There was no allegation of misuse or diversion of monies. Both sides agreed that the resources were used for their intended purpose. At issue was whether the fundraising activity and financing of programming that took place was in accordance with Canadian law. The test that the organization had to satisfy was that it exercised “direction and control” over the portions of the programming and fundraising purportedly carried out as Canadian charitable work. At issue was whether the fundraising activity and financing of programming that took place was in accordance with Canadian law. The test that the organization had to satisfy was that it exercised “direction and control” over the portions of the programming and fundraising purportedly carried out as Canadian charitable work.
Although there were agreements between the charity and the station providing parameters within which the programming and fundraising were to be undertaken, the Court ruled that the Minister was reasonable in having found these agreements lacked certain provisions or were not adhered to sufficiently closely to meet the “direction and control” test. Specifically, the Court found reasonable the Minister’s position that a protocol entailing the Quebec charity annually choosing among packages of programming options prepared by Vermont Public Television was not enough to show “direction and control”. This suggests that a relationship where a Canadian charity relies on a non-charitable intermediary to advise on need and possible ways to address that need, with a view to having the intermediary later deliver the selected services, may not be sufficient for the charity to satisfy Canadian law.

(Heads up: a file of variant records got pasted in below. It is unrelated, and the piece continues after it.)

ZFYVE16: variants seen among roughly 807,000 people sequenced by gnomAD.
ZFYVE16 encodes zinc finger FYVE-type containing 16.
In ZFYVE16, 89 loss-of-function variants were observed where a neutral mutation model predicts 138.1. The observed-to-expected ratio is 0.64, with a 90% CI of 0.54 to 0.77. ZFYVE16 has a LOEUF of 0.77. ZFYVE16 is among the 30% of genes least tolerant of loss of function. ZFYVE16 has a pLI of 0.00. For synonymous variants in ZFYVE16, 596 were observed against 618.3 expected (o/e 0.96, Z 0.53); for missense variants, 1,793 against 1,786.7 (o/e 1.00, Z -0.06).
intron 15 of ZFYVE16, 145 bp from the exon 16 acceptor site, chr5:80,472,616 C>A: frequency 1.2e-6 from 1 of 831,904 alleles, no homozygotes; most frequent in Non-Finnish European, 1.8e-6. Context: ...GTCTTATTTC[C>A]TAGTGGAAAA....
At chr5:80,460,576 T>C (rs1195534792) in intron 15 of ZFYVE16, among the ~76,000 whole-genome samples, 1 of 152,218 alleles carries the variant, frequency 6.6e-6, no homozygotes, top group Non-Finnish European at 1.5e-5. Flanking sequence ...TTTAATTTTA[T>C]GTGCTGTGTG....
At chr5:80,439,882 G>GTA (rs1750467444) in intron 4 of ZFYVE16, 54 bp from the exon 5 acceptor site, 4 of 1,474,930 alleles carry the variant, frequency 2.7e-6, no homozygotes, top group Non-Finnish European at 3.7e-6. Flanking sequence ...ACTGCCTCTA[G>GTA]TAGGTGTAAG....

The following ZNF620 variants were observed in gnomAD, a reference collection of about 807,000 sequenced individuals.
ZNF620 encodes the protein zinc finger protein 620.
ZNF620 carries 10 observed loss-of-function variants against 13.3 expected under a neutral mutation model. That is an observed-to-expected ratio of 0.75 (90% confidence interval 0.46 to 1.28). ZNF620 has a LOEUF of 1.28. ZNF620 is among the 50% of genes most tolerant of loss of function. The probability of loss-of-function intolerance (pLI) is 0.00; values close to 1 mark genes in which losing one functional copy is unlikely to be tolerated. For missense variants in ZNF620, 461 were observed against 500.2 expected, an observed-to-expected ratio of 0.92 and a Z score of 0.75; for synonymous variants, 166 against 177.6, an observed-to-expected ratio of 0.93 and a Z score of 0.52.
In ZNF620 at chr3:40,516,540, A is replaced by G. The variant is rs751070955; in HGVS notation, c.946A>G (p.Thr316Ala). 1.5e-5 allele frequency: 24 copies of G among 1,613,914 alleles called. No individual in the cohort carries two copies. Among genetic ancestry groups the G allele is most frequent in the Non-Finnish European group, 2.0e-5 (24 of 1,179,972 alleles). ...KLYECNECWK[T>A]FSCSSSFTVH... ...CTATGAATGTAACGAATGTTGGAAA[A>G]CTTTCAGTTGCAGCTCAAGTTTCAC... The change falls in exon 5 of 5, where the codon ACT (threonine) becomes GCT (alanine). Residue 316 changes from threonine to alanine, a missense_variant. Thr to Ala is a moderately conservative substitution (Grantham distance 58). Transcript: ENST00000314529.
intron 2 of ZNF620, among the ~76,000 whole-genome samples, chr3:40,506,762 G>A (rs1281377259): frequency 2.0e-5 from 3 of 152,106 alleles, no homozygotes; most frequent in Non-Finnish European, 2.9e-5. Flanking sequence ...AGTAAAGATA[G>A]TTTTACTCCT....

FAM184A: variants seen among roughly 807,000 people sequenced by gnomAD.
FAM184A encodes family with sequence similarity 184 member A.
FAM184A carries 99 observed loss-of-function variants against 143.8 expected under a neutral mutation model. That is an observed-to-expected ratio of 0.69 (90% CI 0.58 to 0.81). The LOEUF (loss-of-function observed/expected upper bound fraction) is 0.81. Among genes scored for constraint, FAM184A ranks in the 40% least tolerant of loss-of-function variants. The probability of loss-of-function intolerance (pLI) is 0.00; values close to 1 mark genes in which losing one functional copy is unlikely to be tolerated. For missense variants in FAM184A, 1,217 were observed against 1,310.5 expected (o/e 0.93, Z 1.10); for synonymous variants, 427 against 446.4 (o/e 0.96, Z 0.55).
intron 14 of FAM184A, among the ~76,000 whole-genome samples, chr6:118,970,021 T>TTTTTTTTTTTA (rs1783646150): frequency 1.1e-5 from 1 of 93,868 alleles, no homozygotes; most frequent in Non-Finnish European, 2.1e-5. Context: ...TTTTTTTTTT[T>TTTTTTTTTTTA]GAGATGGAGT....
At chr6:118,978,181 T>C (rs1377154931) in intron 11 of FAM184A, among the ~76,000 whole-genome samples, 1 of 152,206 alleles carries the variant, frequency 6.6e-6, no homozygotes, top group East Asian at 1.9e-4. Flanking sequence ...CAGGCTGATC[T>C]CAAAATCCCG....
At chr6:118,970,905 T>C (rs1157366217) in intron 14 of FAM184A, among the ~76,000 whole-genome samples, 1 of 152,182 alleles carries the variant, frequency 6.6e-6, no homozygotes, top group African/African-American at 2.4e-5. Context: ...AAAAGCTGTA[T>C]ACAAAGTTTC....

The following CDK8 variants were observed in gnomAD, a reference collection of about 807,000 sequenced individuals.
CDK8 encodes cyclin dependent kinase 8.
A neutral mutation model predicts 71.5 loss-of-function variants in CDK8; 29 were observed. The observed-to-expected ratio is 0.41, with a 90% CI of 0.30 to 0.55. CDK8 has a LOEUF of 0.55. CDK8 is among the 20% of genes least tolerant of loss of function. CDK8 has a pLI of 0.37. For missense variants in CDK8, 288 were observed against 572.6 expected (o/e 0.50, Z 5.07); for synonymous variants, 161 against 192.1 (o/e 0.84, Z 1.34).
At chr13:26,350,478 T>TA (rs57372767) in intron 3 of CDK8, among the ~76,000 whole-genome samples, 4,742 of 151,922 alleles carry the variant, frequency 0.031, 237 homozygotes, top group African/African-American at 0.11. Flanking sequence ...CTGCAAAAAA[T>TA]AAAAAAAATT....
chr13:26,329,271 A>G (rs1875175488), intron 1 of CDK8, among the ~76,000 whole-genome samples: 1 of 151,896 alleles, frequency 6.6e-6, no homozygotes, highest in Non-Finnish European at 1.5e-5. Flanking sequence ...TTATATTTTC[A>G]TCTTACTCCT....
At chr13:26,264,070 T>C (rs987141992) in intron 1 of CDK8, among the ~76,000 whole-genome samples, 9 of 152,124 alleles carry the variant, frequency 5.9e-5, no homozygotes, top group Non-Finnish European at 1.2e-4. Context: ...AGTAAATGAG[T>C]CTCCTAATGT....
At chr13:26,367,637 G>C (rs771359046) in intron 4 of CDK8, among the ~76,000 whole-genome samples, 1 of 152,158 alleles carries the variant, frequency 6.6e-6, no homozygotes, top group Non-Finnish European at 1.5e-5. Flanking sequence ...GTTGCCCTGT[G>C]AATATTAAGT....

The alternative – the charity independently specifying what work is to be done without significant input from an intermediary that has expertise and experience in the area – seems a sure recipe for inefficiency and mistakes. Moreover, in the context of international development work, such an approach would run contrary to the current widely-accepted view that success is most often achieved when groups collaborate closely with overseas partners, rather than dictating the nature of the work to be undertaken from a privileged position as the funder. Even domestically, best practice is not for funding bodies to micro-manage project development and content, but instead to engage and communicate with service deliverers to ensure wise and prudent use of resources.
With respect to the Fundraising Agreement, the Court pointed to a lack of evidence that Vermont Public Television adequately distinguished and documented its work on behalf of the Quebec charity from its own fundraising efforts. On the record, it appears that the provisions in the Fundraising Agreement could have been more extensive and that the paper trail with respect to Canadian donation could have been better. This led to a further finding of a lack of sufficient direction and control.